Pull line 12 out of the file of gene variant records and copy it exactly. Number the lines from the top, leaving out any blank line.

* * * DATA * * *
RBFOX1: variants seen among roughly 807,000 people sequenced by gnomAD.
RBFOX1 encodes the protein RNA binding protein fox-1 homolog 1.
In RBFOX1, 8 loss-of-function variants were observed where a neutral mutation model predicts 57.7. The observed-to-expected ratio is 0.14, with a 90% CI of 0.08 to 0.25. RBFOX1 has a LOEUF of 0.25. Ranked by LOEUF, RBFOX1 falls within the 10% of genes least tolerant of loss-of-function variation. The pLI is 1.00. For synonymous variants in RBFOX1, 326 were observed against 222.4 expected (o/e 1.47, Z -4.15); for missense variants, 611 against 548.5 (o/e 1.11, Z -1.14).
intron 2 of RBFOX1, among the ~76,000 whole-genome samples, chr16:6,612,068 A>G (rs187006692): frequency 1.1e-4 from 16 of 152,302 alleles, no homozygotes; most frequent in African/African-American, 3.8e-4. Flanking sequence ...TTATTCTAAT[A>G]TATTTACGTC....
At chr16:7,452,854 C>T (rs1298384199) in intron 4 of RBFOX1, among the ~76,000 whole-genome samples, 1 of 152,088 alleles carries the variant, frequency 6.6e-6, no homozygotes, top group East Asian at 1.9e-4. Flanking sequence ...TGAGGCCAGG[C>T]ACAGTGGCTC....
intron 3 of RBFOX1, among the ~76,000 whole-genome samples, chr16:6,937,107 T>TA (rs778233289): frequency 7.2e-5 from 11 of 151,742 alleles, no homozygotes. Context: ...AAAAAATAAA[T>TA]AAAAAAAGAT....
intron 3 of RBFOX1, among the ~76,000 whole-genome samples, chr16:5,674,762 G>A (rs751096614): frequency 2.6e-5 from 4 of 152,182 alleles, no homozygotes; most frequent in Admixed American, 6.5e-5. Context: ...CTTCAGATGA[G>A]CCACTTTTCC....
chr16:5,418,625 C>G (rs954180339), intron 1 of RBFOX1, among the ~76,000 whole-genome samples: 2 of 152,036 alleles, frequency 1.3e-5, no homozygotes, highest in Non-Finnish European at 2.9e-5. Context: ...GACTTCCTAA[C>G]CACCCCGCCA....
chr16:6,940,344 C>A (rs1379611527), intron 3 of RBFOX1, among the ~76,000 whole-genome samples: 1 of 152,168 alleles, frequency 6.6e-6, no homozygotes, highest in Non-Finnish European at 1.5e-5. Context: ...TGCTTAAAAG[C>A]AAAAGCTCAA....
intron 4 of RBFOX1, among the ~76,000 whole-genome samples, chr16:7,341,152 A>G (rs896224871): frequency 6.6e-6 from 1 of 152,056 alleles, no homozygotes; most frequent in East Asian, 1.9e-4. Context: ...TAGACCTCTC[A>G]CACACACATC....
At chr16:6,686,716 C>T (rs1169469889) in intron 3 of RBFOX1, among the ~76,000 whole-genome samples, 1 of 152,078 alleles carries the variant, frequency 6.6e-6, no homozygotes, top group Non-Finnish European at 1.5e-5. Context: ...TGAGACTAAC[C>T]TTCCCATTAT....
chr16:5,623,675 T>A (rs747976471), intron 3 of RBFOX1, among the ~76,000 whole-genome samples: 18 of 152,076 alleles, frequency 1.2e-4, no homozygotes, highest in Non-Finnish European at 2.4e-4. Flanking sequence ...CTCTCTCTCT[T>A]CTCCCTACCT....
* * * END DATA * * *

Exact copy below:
chr16:5,623,675 T>A (rs747976471), intron 3 of RBFOX1, among the ~76,000 whole-genome samples: 18 of 152,076 alleles, frequency 1.2e-4, no homozygotes, highest in Non-Finnish European at 2.4e-4. Flanking sequence ...CTCTCTCTCT[T>A]CTCCCTACCT....